Advancing the Connections Between Community, Higher Education and Schools Through Implementing "The Noah Principle"

At a two-day education summit convened by Fortune magazine in 1988, Louis V. Gerstner, Jr. (then President of American Express, now chairman and chief executive officer of IBM) called for the adoption of "that famous Noah Principle": "No more prizes for predicting rain. Prizes only for building the arks."3 The severe, worsening, alarming conditions in America's urban schools and communities require government, foundations, and institutions of higher education to immediately, systematically, and collaboratively implement the Noah Principle. In short, doing the right thing must replace describing what is wrong or predicting what is likely to happen as the standard of excellent performance.

To help speed the application of the Noah Principle, I conclude with the following suggestions:

  1. Government at all levels should provide support to broad-based, local coalitions designed to develop and sustain partnerships between communities, higher education and schools for pre-K through 16 educational reform.
  2. Government at all levels should create multi-agency commissions designed to advance and implement partnerships between communities, higher education and schools.
  3. Governors and state legislatures should develop strategies and programs to promote regional consortia of higher educational institutions to significantly and effectively improve schooling and community life.
  4. State governments should award prestigious "Triangle Awards" (to coin a term) to outstanding community-higher education-school partnerships.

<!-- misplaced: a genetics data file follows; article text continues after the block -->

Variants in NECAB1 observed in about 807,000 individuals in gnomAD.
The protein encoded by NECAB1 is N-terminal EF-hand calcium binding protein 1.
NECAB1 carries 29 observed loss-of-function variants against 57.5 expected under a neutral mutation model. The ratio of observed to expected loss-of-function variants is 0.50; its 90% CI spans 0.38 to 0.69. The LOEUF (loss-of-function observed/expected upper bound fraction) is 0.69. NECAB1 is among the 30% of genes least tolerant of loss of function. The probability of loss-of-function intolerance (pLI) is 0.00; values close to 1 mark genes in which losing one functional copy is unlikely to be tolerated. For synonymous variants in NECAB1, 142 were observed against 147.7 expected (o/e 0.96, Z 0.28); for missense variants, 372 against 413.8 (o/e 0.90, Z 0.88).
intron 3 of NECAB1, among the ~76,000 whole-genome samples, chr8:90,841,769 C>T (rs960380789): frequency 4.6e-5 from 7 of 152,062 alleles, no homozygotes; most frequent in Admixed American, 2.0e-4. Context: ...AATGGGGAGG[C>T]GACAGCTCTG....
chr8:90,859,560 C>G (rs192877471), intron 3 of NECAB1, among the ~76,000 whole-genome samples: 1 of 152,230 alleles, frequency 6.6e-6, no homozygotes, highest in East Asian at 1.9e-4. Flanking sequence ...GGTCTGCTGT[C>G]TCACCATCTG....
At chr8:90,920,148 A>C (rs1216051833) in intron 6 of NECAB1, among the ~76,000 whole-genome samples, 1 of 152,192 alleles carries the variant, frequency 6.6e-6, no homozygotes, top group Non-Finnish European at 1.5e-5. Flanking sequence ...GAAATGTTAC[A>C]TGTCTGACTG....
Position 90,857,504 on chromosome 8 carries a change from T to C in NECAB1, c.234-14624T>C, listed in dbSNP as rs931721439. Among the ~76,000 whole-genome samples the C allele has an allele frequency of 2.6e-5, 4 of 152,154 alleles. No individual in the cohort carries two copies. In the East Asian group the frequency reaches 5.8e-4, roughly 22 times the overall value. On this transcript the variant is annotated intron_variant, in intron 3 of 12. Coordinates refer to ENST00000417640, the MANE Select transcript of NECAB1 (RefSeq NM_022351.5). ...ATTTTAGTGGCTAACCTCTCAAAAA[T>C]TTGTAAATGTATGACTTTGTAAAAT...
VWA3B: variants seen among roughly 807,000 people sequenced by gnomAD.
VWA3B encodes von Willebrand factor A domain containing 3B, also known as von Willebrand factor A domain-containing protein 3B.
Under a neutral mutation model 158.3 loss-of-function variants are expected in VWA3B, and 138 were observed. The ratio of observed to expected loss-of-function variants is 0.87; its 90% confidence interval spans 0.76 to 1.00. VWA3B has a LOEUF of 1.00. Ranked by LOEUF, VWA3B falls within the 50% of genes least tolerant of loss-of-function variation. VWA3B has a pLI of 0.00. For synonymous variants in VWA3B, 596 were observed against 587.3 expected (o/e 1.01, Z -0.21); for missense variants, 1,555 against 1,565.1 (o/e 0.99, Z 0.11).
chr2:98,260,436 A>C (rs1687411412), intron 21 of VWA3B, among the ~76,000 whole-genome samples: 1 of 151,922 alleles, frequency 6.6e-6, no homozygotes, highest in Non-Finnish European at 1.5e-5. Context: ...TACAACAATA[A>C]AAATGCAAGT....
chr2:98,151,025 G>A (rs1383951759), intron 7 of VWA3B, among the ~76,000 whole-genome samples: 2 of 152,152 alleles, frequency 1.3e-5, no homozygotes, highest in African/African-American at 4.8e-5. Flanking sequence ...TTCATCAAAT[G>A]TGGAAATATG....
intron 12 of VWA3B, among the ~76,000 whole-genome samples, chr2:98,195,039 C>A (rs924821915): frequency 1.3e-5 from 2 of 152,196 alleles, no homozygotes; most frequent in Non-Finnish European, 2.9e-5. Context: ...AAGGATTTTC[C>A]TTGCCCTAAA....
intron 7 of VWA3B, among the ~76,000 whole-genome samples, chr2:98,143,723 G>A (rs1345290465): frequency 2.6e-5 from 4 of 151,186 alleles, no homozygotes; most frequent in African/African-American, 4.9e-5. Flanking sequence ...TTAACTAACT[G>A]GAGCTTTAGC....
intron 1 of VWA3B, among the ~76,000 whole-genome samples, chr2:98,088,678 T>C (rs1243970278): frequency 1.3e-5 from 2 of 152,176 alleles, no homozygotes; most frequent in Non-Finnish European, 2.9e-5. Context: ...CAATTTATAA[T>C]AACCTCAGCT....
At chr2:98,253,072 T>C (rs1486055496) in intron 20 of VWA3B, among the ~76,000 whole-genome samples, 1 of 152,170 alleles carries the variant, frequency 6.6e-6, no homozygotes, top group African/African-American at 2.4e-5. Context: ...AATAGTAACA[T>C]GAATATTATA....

5. National associations, including the National Conference of State Legislatures, the National Governors Association, and the Education Commission of the States, should convene a distinguished panel to recommend both short- and long-term strategies to effectively engage colleges and universities and their local schools and communities.
  6. National associations, including those cited above, should focus their national meetings, workshops, and publications on developing strategies to increase higher education's strategic contribution to schools, communities and democracy.
The above suggestions are, at best, merely a starting point for discussion. My (utopian) hope is that those attending this conference will develop concrete plans that lead to significant multi-sector partnerships, greater collaboration across the pre-K through 16 schooling system, and more effective, more democratic schools and communities. I look forward to learning from and with you as we work hard to build, launch and sail "the [new schooling] arks."

1 Derek C. Bok, Universities and the Future of America (Durham, NC: Duke University Press, 1990), p. 3.

2 Lee D. Mitgang, "The Boston University-Chelsea Partnership," in Gene I. Maeroff, Patrick M. Callan, and Michael D. Usdan (editors), The Learning Connection: New Partnerships Between Schools and Colleges (New York: Teachers College Press, 2001), pp. 11-19.